Coronavirus in Europe; Currencies Fell Due to the Risk-off

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Coronavirus in Europe; Currencies Fell Due to the Risk-off

The stock markets suffered severely during the last days. Chinese authorities released new data about coronavirus. Furthermore, South Korea, Iran, and Italy have also reported new cases. The numbers are concerning, and so far, the World Health Organization can’t pinpoint how the virus is spreading so quickly in the countries, which have no apparent links.

The Italian authorities halted the carnival in Venice and quarantined affected towns, but so far, they were unable to find out where the virus spread from. South Korea is also trying to squash the outbreak, but its stocks suffered severely during the last days.

While Asian currencies collapsed, the U.S. dollar is in high demand. Experts think that the U.S. economy will come out less damaged from the epidemy than other countries.

The dollar is very popular as a safe-haven currency for now. The currency hit an almost three-year peak last week, but it fell slightly on Friday. It traded at $1.0820 against the euro and at $1.2942 against the pound.

The Swiss franc has also surged forward due to the risk-off tactic. It rose by 0.3% despite the dollar’s strong competition. Barclays’ analysts stated that the market reaction to the coronavirus appears to be evolving and beginning to differentiate the currencies vulnerable to the virus from the rest.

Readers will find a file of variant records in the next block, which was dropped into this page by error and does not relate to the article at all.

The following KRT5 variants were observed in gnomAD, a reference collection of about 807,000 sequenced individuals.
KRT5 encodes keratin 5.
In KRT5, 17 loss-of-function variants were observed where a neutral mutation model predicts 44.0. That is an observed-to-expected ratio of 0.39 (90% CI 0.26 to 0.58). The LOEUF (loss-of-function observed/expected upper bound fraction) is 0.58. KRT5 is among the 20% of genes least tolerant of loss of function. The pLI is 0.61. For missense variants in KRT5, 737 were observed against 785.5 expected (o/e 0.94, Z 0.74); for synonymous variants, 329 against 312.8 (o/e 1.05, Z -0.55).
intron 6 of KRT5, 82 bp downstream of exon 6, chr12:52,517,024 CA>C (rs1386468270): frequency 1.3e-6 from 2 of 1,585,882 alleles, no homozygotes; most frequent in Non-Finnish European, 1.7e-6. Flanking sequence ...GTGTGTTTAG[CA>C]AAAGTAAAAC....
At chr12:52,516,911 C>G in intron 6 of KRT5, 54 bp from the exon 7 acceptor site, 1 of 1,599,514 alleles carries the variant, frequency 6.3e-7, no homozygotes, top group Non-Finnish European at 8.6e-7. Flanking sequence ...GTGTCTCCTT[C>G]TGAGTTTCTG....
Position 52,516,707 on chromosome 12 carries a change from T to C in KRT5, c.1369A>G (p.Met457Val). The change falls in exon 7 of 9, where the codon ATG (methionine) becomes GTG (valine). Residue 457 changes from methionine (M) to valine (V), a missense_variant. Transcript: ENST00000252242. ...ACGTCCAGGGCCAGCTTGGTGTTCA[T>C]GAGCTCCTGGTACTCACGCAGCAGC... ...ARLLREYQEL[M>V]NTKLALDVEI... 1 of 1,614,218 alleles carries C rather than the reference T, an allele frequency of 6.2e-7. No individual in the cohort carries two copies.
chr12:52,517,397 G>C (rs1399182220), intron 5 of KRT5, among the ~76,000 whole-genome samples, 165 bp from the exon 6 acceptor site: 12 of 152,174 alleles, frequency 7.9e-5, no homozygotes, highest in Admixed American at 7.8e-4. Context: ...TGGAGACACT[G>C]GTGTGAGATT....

What about Asian currencies?

The Chinese yuan fell along with kiwi, but afterward, they both managed to strengthen slightly. Four Chinese provinces lowered emergency restrictions, causing the currencies’ boost. However, the Australian dollar collapsed to an 11-year low.

The investors abandoned yen as the safe-haven due to its possible exposure to coronavirus. The currency traded flat at 111.55 per dollar. On the other hand, Malaysia’s ringgit dropped by 0.7% because of the political turmoil in the country.

Indonesia’s Rupiah lowered by 1%. It was steady until now due to its relative independence from the Chinese trade. Still, it seems, the global crisis is influencing Indonesia’s economy too. The Korean won has also collapsed to a six-month low. The analysts don’t expect the currencies to rally until the epidemy fears subside.

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